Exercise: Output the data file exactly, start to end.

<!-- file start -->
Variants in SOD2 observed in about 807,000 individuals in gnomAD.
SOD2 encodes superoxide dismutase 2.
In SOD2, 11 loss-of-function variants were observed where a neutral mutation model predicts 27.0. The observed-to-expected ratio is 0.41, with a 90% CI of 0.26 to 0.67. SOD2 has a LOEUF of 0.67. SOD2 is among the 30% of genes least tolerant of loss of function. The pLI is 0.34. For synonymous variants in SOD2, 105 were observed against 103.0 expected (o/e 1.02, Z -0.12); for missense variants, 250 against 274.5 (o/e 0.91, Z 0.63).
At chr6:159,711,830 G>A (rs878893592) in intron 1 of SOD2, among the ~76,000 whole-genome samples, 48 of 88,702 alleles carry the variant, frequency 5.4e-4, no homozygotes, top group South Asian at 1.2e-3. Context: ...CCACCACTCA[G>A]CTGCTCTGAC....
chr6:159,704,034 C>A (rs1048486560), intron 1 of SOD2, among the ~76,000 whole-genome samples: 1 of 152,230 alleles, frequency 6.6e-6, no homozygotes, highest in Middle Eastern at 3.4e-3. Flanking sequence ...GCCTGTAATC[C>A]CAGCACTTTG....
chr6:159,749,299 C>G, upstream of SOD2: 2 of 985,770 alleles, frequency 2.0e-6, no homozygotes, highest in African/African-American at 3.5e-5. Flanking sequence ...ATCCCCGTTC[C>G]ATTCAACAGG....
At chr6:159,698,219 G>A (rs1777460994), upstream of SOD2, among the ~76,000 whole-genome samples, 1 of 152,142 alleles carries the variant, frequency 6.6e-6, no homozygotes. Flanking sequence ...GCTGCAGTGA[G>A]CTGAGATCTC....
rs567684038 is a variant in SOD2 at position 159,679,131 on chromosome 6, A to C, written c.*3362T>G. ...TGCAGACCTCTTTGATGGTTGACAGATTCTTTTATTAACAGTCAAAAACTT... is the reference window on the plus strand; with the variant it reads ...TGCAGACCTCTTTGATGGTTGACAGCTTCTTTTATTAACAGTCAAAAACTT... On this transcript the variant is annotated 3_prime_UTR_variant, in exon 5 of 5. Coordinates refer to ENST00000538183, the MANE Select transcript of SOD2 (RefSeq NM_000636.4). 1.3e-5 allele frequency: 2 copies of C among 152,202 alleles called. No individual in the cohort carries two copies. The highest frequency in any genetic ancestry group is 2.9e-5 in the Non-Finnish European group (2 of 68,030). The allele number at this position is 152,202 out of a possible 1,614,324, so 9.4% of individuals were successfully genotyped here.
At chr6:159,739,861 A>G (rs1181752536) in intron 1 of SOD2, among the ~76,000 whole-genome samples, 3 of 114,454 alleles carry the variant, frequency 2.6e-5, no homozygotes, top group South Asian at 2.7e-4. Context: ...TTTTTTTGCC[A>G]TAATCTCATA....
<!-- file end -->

Variants in SOD2 observed in about 807,000 individuals in gnomAD.
SOD2 encodes superoxide dismutase 2.
In SOD2, 11 loss-of-function variants were observed where a neutral mutation model predicts 27.0. The observed-to-expected ratio is 0.41, with a 90% CI of 0.26 to 0.67. SOD2 has a LOEUF of 0.67. SOD2 is among the 30% of genes least tolerant of loss of function. The pLI is 0.34. For synonymous variants in SOD2, 105 were observed against 103.0 expected (o/e 1.02, Z -0.12); for missense variants, 250 against 274.5 (o/e 0.91, Z 0.63).
At chr6:159,711,830 G>A (rs878893592) in intron 1 of SOD2, among the ~76,000 whole-genome samples, 48 of 88,702 alleles carry the variant, frequency 5.4e-4, no homozygotes, top group South Asian at 1.2e-3. Context: ...CCACCACTCA[G>A]CTGCTCTGAC....
chr6:159,704,034 C>A (rs1048486560), intron 1 of SOD2, among the ~76,000 whole-genome samples: 1 of 152,230 alleles, frequency 6.6e-6, no homozygotes, highest in Middle Eastern at 3.4e-3. Flanking sequence ...GCCTGTAATC[C>A]CAGCACTTTG....
chr6:159,749,299 C>G, upstream of SOD2: 2 of 985,770 alleles, frequency 2.0e-6, no homozygotes, highest in African/African-American at 3.5e-5. Flanking sequence ...ATCCCCGTTC[C>G]ATTCAACAGG....
At chr6:159,698,219 G>A (rs1777460994), upstream of SOD2, among the ~76,000 whole-genome samples, 1 of 152,142 alleles carries the variant, frequency 6.6e-6, no homozygotes. Flanking sequence ...GCTGCAGTGA[G>A]CTGAGATCTC....
rs567684038 is a variant in SOD2 at position 159,679,131 on chromosome 6, A to C, written c.*3362T>G. ...TGCAGACCTCTTTGATGGTTGACAGATTCTTTTATTAACAGTCAAAAACTT... is the reference window on the plus strand; with the variant it reads ...TGCAGACCTCTTTGATGGTTGACAGCTTCTTTTATTAACAGTCAAAAACTT... On this transcript the variant is annotated 3_prime_UTR_variant, in exon 5 of 5. Coordinates refer to ENST00000538183, the MANE Select transcript of SOD2 (RefSeq NM_000636.4). 1.3e-5 allele frequency: 2 copies of C among 152,202 alleles called. No individual in the cohort carries two copies. The highest frequency in any genetic ancestry group is 2.9e-5 in the Non-Finnish European group (2 of 68,030). The allele number at this position is 152,202 out of a possible 1,614,324, so 9.4% of individuals were successfully genotyped here.
At chr6:159,739,861 A>G (rs1181752536) in intron 1 of SOD2, among the ~76,000 whole-genome samples, 3 of 114,454 alleles carry the variant, frequency 2.6e-5, no homozygotes, top group South Asian at 2.7e-4. Context: ...TTTTTTTGCC[A>G]TAATCTCATA....